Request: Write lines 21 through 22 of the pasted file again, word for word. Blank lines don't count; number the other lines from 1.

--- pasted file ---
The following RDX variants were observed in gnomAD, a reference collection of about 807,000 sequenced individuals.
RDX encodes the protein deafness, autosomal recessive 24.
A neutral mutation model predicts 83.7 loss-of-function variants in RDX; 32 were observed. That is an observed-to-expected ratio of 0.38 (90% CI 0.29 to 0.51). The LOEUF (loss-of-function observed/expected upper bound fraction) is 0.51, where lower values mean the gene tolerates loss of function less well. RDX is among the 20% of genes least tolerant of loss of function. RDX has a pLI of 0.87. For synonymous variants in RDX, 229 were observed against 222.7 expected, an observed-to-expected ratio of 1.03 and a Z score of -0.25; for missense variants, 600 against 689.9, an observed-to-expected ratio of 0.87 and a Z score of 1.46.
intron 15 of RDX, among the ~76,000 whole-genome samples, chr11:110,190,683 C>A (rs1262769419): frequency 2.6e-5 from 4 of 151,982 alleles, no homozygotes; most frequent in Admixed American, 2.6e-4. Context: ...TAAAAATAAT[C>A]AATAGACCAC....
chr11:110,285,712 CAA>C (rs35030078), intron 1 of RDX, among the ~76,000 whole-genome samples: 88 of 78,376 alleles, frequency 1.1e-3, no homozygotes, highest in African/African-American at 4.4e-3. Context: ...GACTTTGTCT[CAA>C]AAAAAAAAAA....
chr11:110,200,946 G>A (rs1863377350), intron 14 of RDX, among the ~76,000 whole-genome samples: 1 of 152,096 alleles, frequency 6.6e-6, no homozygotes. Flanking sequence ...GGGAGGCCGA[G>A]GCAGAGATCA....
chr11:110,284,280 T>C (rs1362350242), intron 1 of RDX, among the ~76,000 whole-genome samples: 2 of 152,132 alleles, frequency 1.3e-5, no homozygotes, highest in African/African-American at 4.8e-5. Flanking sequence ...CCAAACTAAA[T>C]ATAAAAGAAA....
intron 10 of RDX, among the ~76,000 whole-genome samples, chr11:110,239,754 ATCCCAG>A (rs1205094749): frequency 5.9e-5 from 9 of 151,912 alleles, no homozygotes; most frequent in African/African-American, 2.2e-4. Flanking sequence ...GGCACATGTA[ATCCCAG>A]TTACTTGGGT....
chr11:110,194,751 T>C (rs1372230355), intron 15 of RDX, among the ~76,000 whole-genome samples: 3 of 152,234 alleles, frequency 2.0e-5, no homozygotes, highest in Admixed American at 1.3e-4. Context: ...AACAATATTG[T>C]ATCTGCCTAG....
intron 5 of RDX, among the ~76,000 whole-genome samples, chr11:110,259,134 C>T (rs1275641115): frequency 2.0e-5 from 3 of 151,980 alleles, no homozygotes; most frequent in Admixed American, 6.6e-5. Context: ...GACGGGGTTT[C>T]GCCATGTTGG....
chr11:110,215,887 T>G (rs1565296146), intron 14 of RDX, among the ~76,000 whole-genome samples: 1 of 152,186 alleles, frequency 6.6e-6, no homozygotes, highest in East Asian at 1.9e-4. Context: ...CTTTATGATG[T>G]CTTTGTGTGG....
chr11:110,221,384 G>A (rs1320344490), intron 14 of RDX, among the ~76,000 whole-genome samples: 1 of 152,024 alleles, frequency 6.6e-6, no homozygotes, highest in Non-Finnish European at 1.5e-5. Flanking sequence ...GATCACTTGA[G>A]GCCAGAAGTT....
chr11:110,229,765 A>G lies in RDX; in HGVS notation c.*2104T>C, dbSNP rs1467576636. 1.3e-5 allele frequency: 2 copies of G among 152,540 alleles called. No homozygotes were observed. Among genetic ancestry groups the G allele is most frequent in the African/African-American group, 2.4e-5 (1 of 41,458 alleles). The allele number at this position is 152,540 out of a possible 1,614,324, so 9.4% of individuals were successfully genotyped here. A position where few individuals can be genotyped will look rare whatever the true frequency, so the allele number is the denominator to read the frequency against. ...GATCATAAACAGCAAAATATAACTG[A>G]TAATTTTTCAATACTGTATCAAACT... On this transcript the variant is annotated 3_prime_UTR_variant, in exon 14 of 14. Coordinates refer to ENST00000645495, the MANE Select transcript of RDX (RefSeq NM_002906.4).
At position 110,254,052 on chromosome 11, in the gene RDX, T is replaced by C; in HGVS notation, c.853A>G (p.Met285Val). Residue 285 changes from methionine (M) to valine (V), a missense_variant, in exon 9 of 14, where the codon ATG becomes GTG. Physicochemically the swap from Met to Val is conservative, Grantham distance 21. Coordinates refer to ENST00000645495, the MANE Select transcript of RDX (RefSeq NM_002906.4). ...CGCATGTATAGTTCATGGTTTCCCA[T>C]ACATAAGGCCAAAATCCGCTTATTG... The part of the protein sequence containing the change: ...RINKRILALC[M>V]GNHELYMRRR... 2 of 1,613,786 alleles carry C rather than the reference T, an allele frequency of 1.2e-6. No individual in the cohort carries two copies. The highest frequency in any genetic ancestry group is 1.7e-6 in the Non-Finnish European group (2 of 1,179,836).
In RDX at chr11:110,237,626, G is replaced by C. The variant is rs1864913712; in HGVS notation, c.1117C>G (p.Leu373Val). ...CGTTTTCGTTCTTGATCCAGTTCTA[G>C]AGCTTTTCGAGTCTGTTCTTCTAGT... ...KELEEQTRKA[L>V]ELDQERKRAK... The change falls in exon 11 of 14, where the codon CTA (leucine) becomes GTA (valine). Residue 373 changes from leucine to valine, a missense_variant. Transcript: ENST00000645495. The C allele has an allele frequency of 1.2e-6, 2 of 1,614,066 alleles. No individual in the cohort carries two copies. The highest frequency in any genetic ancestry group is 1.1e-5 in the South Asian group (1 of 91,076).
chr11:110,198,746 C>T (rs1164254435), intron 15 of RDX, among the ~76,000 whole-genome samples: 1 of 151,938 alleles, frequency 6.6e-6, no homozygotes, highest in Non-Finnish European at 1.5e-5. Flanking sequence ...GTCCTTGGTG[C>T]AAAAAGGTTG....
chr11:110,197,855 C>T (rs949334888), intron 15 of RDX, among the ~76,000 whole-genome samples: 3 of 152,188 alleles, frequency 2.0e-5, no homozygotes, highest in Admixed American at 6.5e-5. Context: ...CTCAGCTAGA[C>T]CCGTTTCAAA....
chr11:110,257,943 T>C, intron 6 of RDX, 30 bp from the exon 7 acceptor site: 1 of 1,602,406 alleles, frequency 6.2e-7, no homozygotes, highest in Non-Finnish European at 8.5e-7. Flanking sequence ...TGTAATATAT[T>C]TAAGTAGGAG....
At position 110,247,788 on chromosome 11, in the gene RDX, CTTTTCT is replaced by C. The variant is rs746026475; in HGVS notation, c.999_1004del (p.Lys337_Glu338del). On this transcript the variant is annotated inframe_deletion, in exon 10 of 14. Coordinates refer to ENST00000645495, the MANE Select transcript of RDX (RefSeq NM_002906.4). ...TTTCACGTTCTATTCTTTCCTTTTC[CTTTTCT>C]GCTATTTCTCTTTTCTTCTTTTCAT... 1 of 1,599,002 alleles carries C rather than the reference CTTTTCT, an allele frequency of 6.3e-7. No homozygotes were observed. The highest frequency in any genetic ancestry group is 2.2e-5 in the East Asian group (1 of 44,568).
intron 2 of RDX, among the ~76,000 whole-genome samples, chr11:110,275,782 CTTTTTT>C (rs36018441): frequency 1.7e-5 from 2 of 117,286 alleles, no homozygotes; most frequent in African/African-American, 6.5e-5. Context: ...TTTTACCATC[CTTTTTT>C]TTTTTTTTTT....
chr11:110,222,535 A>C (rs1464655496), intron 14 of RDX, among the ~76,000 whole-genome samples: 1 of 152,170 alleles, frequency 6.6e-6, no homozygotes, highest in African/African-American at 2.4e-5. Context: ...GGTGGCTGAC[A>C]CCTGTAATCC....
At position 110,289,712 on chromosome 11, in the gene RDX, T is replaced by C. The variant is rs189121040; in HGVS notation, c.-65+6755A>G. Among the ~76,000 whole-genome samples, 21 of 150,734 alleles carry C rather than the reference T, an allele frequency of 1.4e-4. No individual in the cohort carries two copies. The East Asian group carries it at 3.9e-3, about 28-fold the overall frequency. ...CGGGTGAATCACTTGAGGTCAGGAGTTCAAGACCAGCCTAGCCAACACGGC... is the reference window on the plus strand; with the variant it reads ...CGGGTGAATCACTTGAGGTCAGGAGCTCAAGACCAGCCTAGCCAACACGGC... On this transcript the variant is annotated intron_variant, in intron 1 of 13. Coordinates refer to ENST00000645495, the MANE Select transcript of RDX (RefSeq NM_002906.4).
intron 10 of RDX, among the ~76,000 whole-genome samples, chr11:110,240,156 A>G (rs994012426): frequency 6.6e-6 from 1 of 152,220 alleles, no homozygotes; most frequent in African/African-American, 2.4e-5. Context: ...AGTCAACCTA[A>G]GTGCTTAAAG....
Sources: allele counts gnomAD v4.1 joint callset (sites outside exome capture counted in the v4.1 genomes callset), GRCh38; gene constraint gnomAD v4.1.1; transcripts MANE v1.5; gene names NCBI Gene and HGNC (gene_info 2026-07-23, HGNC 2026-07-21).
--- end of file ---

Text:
chr11:110,222,535 A>C (rs1464655496), intron 14 of RDX, among the ~76,000 whole-genome samples: 1 of 152,170 alleles, frequency 6.6e-6, no homozygotes, highest in African/African-American at 2.4e-5. Context: ...GGTGGCTGAC[A>C]CCTGTAATCC....
At position 110,289,712 on chromosome 11, in the gene RDX, T is replaced by C. The variant is rs189121040; in HGVS notation, c.-65+6755A>G. Among the ~76,000 whole-genome samples, 21 of 150,734 alleles carry C rather than the reference T, an allele frequency of 1.4e-4. No individual in the cohort carries two copies. The East Asian group carries it at 3.9e-3, about 28-fold the overall frequency. ...CGGGTGAATCACTTGAGGTCAGGAGTTCAAGACCAGCCTAGCCAACACGGC... is the reference window on the plus strand; with the variant it reads ...CGGGTGAATCACTTGAGGTCAGGAGCTCAAGACCAGCCTAGCCAACACGGC... On this transcript the variant is annotated intron_variant, in intron 1 of 13. Coordinates refer to ENST00000645495, the MANE Select transcript of RDX (RefSeq NM_002906.4).